?

Log in

No account? Create an account

On getting the picture but not being in it - Tactical Ninja

May. 11th, 2011

09:09 am - On getting the picture but not being in it

Previous Entry Share Next Entry

So this morning I accidentally stumbled over a question while googling for something else, which said "Is John Key running the country or is the IMF?" Being a bit curious about such things, I entered those search terms and found this. It's a piece about how the IMF in 2010 recommended 'further spending cuts' by government in NZ, including Working For Families (a tax credit for those with kids who work), student loans and free doctor visits. In the piece, John Key soundly rejected them.

Now, of course, his tune has changed. This budget he's expected to have a go at Working For Families and there's a rumour going around that interest will be going back on student loans. So, who is running the country? I fear the IMF more than I fear our bumbling, smarmy Prime Minister*, but if they're working together, we're fucked essentially.

How fucked are we? Well, I'm not gonna go into that because I can feel this blog getting more and more political and while I enjoy the occasional rant, I'm aware that it can be kind of boring to read. However, I looked at this article, which says the IMF supports sale of state-owned assets lalala...

* That article is him getting pwned by BBC's Stephen Sackur yesterday over our clean green image. The best bit is where he says the research of NZ's leading scientists into the pollution in our water is 'just opinion' and compares scientists with lawyers. *national facepalm*


But what really bothered me is this. Have a look at the IMF logo:



Notice something funny about that? Have a really good look.

Yeah, that's right. New Zealand is not even on their map of the world.

This might seem like a small thing, especially to those not in New Zealand. But you'd be amazed how often this happens. Yes, we're a tiny blip in the middle of the ocean thousands of miles from everywhere else. It's hard to fit us on maps and trimming us off is the easiest thing to do. But you know what? The fact that we're left off so many of them is a reflection of the way the rest of the world seems to view us.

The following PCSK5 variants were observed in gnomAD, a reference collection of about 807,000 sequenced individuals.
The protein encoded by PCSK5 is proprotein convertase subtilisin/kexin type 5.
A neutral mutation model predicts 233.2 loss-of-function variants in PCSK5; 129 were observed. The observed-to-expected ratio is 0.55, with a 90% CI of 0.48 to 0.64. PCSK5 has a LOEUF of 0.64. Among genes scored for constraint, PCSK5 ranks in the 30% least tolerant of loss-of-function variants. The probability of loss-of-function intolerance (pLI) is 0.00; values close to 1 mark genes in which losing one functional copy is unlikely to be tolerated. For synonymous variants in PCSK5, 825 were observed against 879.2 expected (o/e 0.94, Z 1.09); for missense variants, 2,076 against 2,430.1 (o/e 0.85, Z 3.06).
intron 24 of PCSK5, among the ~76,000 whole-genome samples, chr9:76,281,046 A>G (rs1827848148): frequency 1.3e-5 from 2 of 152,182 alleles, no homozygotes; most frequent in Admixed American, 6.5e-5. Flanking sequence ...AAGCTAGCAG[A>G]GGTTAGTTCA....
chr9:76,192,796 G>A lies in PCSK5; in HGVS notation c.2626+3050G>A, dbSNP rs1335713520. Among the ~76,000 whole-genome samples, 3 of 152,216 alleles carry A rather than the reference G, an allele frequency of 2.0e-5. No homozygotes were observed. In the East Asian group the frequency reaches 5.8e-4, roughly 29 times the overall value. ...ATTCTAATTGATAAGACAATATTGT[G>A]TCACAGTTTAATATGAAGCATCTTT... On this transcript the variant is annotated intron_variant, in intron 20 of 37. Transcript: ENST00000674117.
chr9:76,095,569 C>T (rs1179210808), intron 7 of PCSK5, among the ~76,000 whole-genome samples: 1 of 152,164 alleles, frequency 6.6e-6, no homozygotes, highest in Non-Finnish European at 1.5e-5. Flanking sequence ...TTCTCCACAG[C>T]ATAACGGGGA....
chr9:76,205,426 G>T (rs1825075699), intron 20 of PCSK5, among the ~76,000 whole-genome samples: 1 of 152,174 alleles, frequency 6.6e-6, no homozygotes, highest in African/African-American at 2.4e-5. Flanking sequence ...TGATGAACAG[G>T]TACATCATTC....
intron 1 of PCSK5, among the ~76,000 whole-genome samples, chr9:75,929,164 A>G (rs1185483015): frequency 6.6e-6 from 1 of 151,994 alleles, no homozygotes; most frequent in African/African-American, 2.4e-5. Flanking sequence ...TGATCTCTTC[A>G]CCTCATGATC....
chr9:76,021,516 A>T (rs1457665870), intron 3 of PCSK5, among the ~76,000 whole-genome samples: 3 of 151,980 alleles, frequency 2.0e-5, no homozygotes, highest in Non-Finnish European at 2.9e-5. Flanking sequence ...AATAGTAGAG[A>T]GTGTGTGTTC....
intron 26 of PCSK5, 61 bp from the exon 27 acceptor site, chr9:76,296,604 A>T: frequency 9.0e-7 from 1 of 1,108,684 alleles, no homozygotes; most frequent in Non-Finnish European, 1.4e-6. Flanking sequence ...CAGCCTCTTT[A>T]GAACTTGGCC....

We really are a tiny blip in the ocean so far away that it's ok not to give a shit if we're left out.

"I'm sorry, this service is not available in your country."

"Yes we can post that, that'll be $189 thanks."

"Sorry you can only have one internet pipe because they're expensive and you're so far away with so few people that it's not economic to put in another one, so you can have crappy internet forever." For those in the US, we pay approximately three times as much for about half the bandwidth that you do. We have bandwidth caps and our 'ultra-fast' internet is way slower than yours. Yeah, I know, No1curr. That's kind of my point. No one has to, because we're not even on the map.

"No I'm sorry, our airline doesn't fly direct to your country, you'll have to get to Australia first."

etc

Have a visual demonstration of what I mean:


The United Nations logo only includes the Northern Hemisphere.














I think you get my point. "Worldwide" often does not include us. These might be silly logos but they reflect our reality, and while I'm aware that there are bigger issues in the world and that compared with many countries that are on the map we have it pretty good, the fact that we are little and distant makes quite an impact on our lives in the availability and cost of goods and services, and in our ability to get traction on the world stage for things that affect us. Never mind that the entire world is geared towards the Northern Hemisphere.

Historically, New Zealand has had to fight hard for a place at the Big Kids' Table, and even then I get the feeling we are often patronisingly tolerated rather than taken seriously. And other, larger and more powerful countries/organisations think nothing of stepping on us to get to China or *insert rising superpower du jour here*. So we negotiate a trade deal with China, now the US wants to get us in its pocket because we have good rep with China and it might give them an in. Not because we're a valued partner, but because we managed to do something they couldn't and now they want us to share our playlunch. And if we do it, they might pat us on the head and give us a cookie (as long as we acknowledge that they are the boss by changing our laws to suit their playground).

And then they'll keep on cutting us off the map.

Sorry, I ranted. This frustrates me because it's such a first world problem and thus utterly dismissable by anyone who doesn't actually live here, but still something that affects our lives daily.


Anyway, last night I reached 2000 words, cut out my Experimental Unitard, and tried not to feel like a paedophile while perving at the nice boys on Skins. And, I discovered that I have a 5 week break between the final test for State Crime and the start of Social Movements. Thank you universe! I plan to think about frivolous things of my own choosing and spend my weekends sewing backless dresses and unitards and knitting Universal Peace And Harmony.